There were two main things that were seriously wrong with this Catholic effort at reconciliation between Jews and Christians. It has to be remembered that the part having to do with Jews was a small part of its purpose. The full title of the document was “Declaration on the Relation of the Church to Non-Christian Religions”. Jews were not the main issue. In correcting its relations to other religions, Nostra Aetate sang the praises of Hinduism, Buddhism, and Islam. They may not be Christians, but they have wonderful ideas about God and life.

And what did Nostra Aetate have to say about the goodness of Judaism? Absolutely nothing. Not one word of praise. That is the first thing that made this declaration so weak regarding Jews. The contrast to how it treated other religions is startling. There must have been complaints about this because nine years later in “Guidelines on Religious Relations with the Jews” (Dec. 1, 1974), the Catholic Church made up for the deficiency in Nostra Aetate. Here, Judaism is praised and respect is shown for Judaism’s independent relationship with God.

Between the two, the 1974 “Guidelines” is far more revolutionary than Nostra Aetate, yet it hardly ever receives attention. That just goes to show that true revolutions are often ignored, while inferior efforts are exaggerated out of all proportion to what was actually accomplished. I don’t deny that 1965 marked a change, but it was not because of Nostra Aetate, it was rather because liberal Catholics and liberal Jews incorrectly promoted Nostra Aeatate as doing more that it did and made it out to be some sort of full scale apology which it was not.

The second thing that was deeply wrong with Nostra Aetate concerns what it actually said about Jews and the death of Jesus. It is typically misquoted by quoting it out of context. Even the “Guidelines” misquoted the document on this point. Nostra Aetate does say that Jews today and all Jews in the time of Jesus cannot be blamed for “the crimes committed during his passion.” But it introduces this by firmly declaring, “Even though the Jewish authorities and those who followed their lead pressed for the death of Christ …” In other words, the Church was affirming its right to blame some Jews for Jesus’s execution, and not just some, but apparently a wide contingent (how wide is left vague) who followed the leaders.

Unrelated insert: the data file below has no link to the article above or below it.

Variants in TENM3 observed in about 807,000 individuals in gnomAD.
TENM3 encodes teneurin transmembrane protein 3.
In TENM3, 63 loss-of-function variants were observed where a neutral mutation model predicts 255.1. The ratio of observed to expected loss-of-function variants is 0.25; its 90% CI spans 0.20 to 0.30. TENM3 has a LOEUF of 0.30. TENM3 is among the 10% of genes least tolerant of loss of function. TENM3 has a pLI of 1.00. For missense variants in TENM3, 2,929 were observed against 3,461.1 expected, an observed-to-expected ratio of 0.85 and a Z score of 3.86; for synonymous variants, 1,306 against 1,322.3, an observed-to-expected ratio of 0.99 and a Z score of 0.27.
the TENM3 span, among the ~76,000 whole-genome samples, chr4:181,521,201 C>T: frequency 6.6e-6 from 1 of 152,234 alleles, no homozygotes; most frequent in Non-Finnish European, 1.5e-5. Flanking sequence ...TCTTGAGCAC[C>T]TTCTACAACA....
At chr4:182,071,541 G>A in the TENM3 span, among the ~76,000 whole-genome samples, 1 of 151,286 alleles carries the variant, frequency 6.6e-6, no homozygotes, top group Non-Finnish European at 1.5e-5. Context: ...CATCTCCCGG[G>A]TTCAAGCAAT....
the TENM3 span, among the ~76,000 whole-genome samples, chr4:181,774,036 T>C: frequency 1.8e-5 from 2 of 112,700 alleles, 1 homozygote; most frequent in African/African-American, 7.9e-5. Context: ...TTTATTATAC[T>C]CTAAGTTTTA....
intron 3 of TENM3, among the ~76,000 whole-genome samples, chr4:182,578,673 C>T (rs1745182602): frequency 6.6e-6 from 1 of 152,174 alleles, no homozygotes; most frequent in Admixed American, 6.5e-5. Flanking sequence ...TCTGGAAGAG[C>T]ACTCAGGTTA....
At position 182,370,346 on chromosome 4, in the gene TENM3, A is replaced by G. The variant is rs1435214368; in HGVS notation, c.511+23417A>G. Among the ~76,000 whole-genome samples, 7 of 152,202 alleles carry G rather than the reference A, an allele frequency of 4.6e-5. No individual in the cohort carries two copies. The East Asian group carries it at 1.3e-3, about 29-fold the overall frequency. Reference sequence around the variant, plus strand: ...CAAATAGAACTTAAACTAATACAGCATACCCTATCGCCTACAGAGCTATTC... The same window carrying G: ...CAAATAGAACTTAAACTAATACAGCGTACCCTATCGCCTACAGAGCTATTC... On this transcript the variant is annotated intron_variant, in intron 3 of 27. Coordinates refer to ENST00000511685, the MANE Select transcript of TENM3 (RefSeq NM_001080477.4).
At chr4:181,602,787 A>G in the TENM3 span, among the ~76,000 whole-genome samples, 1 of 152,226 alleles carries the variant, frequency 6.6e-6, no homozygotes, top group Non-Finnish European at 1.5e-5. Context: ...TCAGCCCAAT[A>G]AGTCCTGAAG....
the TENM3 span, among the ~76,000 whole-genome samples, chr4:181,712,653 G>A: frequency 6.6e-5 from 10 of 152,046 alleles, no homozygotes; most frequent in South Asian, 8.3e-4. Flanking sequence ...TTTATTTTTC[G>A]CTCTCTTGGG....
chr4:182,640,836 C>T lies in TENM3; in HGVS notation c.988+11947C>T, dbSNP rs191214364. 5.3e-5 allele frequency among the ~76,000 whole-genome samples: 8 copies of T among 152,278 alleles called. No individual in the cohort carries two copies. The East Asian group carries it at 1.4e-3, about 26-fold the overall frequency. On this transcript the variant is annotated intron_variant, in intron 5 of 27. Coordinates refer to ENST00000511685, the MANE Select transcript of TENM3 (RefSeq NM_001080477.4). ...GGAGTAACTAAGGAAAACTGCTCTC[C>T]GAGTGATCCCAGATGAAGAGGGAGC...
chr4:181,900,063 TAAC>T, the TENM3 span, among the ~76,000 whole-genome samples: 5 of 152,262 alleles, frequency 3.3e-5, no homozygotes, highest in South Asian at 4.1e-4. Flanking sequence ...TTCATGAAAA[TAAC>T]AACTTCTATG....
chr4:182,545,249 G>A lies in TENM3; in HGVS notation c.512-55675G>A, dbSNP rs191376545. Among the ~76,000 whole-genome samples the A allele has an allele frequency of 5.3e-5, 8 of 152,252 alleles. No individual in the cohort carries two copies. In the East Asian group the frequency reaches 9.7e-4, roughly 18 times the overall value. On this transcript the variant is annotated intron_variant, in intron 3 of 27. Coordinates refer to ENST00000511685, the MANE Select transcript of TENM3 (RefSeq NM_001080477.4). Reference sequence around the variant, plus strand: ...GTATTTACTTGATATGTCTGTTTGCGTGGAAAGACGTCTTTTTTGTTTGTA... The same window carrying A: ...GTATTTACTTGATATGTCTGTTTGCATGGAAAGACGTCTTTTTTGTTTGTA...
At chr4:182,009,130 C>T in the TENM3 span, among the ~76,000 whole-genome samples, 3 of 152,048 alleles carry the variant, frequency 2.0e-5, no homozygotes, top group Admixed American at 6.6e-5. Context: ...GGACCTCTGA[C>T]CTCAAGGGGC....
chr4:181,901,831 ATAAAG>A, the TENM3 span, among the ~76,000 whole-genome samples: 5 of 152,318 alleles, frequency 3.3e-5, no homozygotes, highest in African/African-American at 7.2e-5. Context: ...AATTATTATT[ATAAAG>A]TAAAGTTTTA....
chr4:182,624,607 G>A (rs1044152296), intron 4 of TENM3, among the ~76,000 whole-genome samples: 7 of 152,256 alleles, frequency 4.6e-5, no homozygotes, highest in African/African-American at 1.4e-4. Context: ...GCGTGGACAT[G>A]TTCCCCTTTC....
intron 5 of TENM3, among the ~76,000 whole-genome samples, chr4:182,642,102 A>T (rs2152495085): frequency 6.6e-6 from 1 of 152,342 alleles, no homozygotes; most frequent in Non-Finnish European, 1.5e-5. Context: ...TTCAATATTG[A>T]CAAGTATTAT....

That is the part that most people, including those who authored the 1974 “Guidelines”, leave out when they quote Nostra Aetate. And since in most societies we regard the leaders as representing the culture, then ancient Jewish culture, or some important aspect of it, is still being blamed in Nostra Aetate. That’s not much of an exoneration. And it ignores how much Gospel evidence there is that makes the case against Jewish leaders or any other Jews for complicity in the death of Jesus a very bad case.

What Nostra Aetate stands for is the idea that Church officials will never let go of the traditional story of Jesus’s death; the only thing it will do is not extend the blame to all Jews. The Church would have done a lot better to have retracted all the false things it has said over the centuries about ancient Jewish culture, taken responsibility for having created these stereotypes about Jews and Judaism and for having fomented bad feelings about Jesus’s people and culture, and perhaps above all, encouraged continued study of the New Testament to get to the bottom of what happened to Jesus. It should have admitted that there is no consistent pattern of evidence in the Gospels blaming any Jews for his demise. Therein lies the beginning of a real revolution.

© 2015 Leon Zitzer